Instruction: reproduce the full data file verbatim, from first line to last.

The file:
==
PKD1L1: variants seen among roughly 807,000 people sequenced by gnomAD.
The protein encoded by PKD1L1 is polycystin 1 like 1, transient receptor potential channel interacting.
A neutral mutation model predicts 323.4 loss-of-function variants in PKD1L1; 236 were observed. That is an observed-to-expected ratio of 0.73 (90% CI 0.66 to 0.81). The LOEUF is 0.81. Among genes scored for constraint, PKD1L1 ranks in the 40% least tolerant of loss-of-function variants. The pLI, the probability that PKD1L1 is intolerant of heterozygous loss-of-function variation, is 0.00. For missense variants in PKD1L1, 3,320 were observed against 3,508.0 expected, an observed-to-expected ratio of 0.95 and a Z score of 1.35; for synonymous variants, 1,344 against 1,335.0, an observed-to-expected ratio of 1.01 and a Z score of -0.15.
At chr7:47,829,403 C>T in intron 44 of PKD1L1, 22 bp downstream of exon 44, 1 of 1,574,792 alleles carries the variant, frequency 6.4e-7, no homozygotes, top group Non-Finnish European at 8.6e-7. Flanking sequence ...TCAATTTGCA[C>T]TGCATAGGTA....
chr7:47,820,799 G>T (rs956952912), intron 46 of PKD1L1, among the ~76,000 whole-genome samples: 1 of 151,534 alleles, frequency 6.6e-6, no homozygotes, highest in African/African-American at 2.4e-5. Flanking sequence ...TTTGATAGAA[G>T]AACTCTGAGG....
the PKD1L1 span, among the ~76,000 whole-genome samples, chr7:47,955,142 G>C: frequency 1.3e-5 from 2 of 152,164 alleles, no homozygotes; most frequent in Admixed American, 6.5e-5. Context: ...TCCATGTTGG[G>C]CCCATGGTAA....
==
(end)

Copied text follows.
PKD1L1: variants seen among roughly 807,000 people sequenced by gnomAD.
The protein encoded by PKD1L1 is polycystin 1 like 1, transient receptor potential channel interacting.
A neutral mutation model predicts 323.4 loss-of-function variants in PKD1L1; 236 were observed. That is an observed-to-expected ratio of 0.73 (90% CI 0.66 to 0.81). The LOEUF is 0.81. Among genes scored for constraint, PKD1L1 ranks in the 40% least tolerant of loss-of-function variants. The pLI, the probability that PKD1L1 is intolerant of heterozygous loss-of-function variation, is 0.00. For missense variants in PKD1L1, 3,320 were observed against 3,508.0 expected, an observed-to-expected ratio of 0.95 and a Z score of 1.35; for synonymous variants, 1,344 against 1,335.0, an observed-to-expected ratio of 1.01 and a Z score of -0.15.
At chr7:47,829,403 C>T in intron 44 of PKD1L1, 22 bp downstream of exon 44, 1 of 1,574,792 alleles carries the variant, frequency 6.4e-7, no homozygotes, top group Non-Finnish European at 8.6e-7. Flanking sequence ...TCAATTTGCA[C>T]TGCATAGGTA....
chr7:47,820,799 G>T (rs956952912), intron 46 of PKD1L1, among the ~76,000 whole-genome samples: 1 of 151,534 alleles, frequency 6.6e-6, no homozygotes, highest in African/African-American at 2.4e-5. Flanking sequence ...TTTGATAGAA[G>T]AACTCTGAGG....
the PKD1L1 span, among the ~76,000 whole-genome samples, chr7:47,955,142 G>C: frequency 1.3e-5 from 2 of 152,164 alleles, no homozygotes; most frequent in Admixed American, 6.5e-5. Context: ...TCCATGTTGG[G>C]CCCATGGTAA....